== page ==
As the academic achievement of American students falls further and further behind their international peers, people whose priority it should be to work on improving the nation’s schools are instead focusing on making sure that any private sector solutions are weeded out of the public school system, writes former New York City Schools Chancellor Joel Klein in The Atlantic. Any idea with private sector backing, be it good or bad, is sure to draw protest characterizing it as mere profiteering and privatization. In doing so, says Klein, they fail to account for the fact that without any outside forces, the system, which is designed to protect itself, will never get better.
Private sector involvement underpins many public sector success stories in America, from fields as diverse as health care to computing to infrastructure. There’s a strong history of cooperation between private and public interest in the country, which is one of the reasons why it leads on many standard of living markers among industrialized nations:
In energy, privately funded breakthroughs in gas exploration technologies hold the promise of liberating America from dependence on foreign oil. In computing, Google’s privately funded search utility has democratized access to information in ways that improve countless lives.
Embracing the contributions of private entities doesn’t mean going without governmental power of regulation and oversight. Klein takes this part of the government’s job seriously, as he proved by heading up several anti-trust cases when he was a part of the U.S. Department of Justice in mid-1990s.
But maintaining strong oversight on the system doesn’t have to mean choking it off entirely. Thus, anyone who tries to argue that a profit motive makes any approach automatically suspicious or bad ignores the potential of the profit motive to drive innovation.
It’s to miss the basic economic lesson of the past two centuries—when innovations spawned by the entrepreneurial talent and capital of the private sector have been harnessed for public purposes to become the greatest force for human betterment in the history of the world. “Doing well by doing good” is a cliché for a reason.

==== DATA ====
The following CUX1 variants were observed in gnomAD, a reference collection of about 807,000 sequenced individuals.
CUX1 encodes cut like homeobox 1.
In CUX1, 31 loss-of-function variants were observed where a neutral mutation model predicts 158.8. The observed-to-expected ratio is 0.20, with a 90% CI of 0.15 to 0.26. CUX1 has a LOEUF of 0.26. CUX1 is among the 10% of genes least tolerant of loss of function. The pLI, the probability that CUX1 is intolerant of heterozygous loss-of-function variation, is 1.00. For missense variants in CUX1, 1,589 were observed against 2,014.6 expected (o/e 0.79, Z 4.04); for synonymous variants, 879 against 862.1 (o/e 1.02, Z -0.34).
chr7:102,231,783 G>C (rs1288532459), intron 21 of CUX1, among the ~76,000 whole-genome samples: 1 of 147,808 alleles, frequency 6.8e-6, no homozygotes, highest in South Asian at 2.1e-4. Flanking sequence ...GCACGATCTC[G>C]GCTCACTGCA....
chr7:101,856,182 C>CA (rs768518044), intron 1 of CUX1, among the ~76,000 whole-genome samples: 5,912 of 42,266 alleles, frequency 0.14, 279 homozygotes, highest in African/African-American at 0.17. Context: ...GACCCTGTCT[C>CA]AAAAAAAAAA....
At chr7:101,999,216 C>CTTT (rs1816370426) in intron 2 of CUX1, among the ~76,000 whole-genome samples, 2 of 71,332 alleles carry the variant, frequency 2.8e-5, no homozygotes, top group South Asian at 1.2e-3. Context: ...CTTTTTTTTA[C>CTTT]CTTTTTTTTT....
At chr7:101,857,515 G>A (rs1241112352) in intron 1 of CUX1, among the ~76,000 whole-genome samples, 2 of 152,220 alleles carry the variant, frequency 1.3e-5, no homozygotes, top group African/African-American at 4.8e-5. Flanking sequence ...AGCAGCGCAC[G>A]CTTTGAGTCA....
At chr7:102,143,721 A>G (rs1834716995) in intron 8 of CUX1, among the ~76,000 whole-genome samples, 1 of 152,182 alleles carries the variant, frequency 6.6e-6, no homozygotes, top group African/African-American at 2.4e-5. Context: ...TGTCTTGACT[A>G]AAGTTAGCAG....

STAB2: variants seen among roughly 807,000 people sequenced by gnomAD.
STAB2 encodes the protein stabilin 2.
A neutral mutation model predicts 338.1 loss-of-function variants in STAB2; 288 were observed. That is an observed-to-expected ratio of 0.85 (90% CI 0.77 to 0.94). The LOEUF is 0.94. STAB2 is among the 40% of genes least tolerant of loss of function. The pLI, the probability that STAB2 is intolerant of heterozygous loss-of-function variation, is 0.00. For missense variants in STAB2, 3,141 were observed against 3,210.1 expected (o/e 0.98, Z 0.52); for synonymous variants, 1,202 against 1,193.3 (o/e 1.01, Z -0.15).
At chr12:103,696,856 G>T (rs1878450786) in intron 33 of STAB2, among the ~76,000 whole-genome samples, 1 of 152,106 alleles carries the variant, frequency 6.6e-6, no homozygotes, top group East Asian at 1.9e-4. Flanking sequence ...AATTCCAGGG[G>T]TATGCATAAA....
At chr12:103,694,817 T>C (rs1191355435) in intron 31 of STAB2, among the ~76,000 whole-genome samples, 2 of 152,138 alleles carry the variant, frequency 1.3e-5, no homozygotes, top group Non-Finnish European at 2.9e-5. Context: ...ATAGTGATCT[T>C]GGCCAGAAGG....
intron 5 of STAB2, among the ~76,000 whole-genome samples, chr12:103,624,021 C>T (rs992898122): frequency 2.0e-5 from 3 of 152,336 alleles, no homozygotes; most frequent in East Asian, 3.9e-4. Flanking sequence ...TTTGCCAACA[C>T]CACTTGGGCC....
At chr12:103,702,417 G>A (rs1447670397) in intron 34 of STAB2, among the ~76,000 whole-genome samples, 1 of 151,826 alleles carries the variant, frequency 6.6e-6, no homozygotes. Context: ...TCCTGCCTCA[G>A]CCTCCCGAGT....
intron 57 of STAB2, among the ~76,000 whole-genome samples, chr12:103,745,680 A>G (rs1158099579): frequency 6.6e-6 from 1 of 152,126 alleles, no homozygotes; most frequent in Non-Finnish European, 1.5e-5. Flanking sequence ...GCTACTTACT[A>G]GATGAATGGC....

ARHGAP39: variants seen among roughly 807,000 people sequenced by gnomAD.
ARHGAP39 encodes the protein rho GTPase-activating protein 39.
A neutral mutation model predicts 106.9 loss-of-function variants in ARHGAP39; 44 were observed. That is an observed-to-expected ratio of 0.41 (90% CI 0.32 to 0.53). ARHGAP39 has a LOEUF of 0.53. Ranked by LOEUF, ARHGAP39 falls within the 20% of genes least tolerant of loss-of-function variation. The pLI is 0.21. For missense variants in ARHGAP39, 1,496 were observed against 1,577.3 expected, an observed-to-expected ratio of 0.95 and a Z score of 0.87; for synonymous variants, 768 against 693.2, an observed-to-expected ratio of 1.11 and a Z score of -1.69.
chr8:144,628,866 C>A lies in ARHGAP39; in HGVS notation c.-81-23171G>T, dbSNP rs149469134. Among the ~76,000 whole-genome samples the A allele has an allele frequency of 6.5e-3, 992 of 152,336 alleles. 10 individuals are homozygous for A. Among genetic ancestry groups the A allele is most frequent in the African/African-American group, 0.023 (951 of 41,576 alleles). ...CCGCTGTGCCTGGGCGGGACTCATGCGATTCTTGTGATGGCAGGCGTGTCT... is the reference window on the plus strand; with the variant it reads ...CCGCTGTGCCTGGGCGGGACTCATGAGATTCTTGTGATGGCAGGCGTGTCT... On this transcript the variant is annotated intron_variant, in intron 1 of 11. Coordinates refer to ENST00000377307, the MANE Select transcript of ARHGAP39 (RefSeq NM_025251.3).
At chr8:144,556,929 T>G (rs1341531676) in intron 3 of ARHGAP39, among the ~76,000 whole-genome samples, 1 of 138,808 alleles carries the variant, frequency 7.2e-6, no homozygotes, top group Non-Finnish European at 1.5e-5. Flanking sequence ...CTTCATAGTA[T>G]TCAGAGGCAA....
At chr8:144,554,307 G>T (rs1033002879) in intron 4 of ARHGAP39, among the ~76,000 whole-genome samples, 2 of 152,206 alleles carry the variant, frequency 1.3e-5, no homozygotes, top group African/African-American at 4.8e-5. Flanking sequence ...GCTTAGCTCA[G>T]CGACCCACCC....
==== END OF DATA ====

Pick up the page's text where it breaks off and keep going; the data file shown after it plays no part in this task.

Even before private firms’ contributions to education came to the fore as a result of the school choice movement, they played an integral part in the success of the country’s schools. Textbooks, buildings, supplies and even school transportation and maintenance were more often than not provided by private companies under contract to the local school districts. Allowing non-government entities to perform jobs in which they have expertise is hardly the kind of privatization advocates are worried about. On the contrary, doing this often leads to better results and substantial savings compared to attempts at keeping such things in-house.
The reason why those kinds of firms rarely get questioned is because they are not interested in altering the status quo.
But the deeper reason is that the current generation of private sector innovators want to challenge traditional ways of doing things in schools. They see a system that’s failing to equip America’s children with the skills to compete in a global age, and they believe passionately that innovative products and approaches could help the country do better. This determination to shake things up is seen as a threat by many who hold power over schools today, and who act as if the status quo is working just fine.